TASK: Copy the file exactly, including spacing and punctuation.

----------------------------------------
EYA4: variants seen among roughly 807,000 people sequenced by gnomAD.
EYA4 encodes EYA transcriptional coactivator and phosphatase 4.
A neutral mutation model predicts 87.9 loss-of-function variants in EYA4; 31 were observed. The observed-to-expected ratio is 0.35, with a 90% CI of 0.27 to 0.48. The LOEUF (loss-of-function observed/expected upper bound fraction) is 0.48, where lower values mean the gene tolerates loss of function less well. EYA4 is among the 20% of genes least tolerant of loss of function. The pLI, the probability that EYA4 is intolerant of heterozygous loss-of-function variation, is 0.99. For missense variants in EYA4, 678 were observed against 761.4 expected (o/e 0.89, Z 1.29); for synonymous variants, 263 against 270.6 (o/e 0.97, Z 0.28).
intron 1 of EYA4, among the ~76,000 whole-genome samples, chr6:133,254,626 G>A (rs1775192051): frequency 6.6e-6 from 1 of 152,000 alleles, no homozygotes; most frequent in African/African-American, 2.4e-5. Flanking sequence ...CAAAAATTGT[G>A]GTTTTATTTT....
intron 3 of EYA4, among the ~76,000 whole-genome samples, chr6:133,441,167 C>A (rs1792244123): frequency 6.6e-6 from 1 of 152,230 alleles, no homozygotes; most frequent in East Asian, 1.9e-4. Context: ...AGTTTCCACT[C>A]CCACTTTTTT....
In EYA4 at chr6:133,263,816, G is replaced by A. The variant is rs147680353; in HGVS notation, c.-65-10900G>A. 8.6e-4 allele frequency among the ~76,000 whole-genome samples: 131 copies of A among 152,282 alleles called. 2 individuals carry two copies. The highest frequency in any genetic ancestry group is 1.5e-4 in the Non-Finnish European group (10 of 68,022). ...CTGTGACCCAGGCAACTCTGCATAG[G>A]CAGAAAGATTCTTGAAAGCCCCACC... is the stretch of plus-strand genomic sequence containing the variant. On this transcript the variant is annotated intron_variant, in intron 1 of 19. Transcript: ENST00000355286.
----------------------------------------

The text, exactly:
EYA4: variants seen among roughly 807,000 people sequenced by gnomAD.
EYA4 encodes EYA transcriptional coactivator and phosphatase 4.
A neutral mutation model predicts 87.9 loss-of-function variants in EYA4; 31 were observed. The observed-to-expected ratio is 0.35, with a 90% CI of 0.27 to 0.48. The LOEUF (loss-of-function observed/expected upper bound fraction) is 0.48, where lower values mean the gene tolerates loss of function less well. EYA4 is among the 20% of genes least tolerant of loss of function. The pLI, the probability that EYA4 is intolerant of heterozygous loss-of-function variation, is 0.99. For missense variants in EYA4, 678 were observed against 761.4 expected (o/e 0.89, Z 1.29); for synonymous variants, 263 against 270.6 (o/e 0.97, Z 0.28).
intron 1 of EYA4, among the ~76,000 whole-genome samples, chr6:133,254,626 G>A (rs1775192051): frequency 6.6e-6 from 1 of 152,000 alleles, no homozygotes; most frequent in African/African-American, 2.4e-5. Flanking sequence ...CAAAAATTGT[G>A]GTTTTATTTT....
intron 3 of EYA4, among the ~76,000 whole-genome samples, chr6:133,441,167 C>A (rs1792244123): frequency 6.6e-6 from 1 of 152,230 alleles, no homozygotes; most frequent in East Asian, 1.9e-4. Context: ...AGTTTCCACT[C>A]CCACTTTTTT....
In EYA4 at chr6:133,263,816, G is replaced by A. The variant is rs147680353; in HGVS notation, c.-65-10900G>A. 8.6e-4 allele frequency among the ~76,000 whole-genome samples: 131 copies of A among 152,282 alleles called. 2 individuals carry two copies. The highest frequency in any genetic ancestry group is 1.5e-4 in the Non-Finnish European group (10 of 68,022). ...CTGTGACCCAGGCAACTCTGCATAG[G>A]CAGAAAGATTCTTGAAAGCCCCACC... is the stretch of plus-strand genomic sequence containing the variant. On this transcript the variant is annotated intron_variant, in intron 1 of 19. Transcript: ENST00000355286.